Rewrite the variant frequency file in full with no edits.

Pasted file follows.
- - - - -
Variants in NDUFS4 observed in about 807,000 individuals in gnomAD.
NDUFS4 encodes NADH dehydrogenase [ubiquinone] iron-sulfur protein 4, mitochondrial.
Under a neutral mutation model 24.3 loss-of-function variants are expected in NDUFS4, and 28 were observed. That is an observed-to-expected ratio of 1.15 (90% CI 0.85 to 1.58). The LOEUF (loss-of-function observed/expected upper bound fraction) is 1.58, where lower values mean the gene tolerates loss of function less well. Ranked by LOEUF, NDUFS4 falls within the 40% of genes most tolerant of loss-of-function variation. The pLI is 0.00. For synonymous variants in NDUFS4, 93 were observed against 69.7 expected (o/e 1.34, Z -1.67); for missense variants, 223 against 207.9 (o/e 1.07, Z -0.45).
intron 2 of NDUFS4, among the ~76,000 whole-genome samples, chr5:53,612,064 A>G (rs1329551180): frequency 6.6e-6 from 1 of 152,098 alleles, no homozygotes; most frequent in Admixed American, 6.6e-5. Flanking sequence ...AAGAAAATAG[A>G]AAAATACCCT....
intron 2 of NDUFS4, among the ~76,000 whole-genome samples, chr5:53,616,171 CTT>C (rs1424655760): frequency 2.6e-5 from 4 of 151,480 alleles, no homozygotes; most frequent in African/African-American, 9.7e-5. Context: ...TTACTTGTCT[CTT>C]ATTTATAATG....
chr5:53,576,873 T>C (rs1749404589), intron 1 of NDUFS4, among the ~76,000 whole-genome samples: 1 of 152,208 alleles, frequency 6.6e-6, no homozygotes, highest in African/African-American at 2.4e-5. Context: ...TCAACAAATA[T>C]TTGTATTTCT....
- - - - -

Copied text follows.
Variants in NDUFS4 observed in about 807,000 individuals in gnomAD.
NDUFS4 encodes NADH dehydrogenase [ubiquinone] iron-sulfur protein 4, mitochondrial.
Under a neutral mutation model 24.3 loss-of-function variants are expected in NDUFS4, and 28 were observed. That is an observed-to-expected ratio of 1.15 (90% CI 0.85 to 1.58). The LOEUF (loss-of-function observed/expected upper bound fraction) is 1.58, where lower values mean the gene tolerates loss of function less well. Ranked by LOEUF, NDUFS4 falls within the 40% of genes most tolerant of loss-of-function variation. The pLI is 0.00. For synonymous variants in NDUFS4, 93 were observed against 69.7 expected (o/e 1.34, Z -1.67); for missense variants, 223 against 207.9 (o/e 1.07, Z -0.45).
intron 2 of NDUFS4, among the ~76,000 whole-genome samples, chr5:53,612,064 A>G (rs1329551180): frequency 6.6e-6 from 1 of 152,098 alleles, no homozygotes; most frequent in Admixed American, 6.6e-5. Flanking sequence ...AAGAAAATAG[A>G]AAAATACCCT....
intron 2 of NDUFS4, among the ~76,000 whole-genome samples, chr5:53,616,171 CTT>C (rs1424655760): frequency 2.6e-5 from 4 of 151,480 alleles, no homozygotes; most frequent in African/African-American, 9.7e-5. Context: ...TTACTTGTCT[CTT>C]ATTTATAATG....
chr5:53,576,873 T>C (rs1749404589), intron 1 of NDUFS4, among the ~76,000 whole-genome samples: 1 of 152,208 alleles, frequency 6.6e-6, no homozygotes, highest in African/African-American at 2.4e-5. Context: ...TCAACAAATA[T>C]TTGTATTTCT....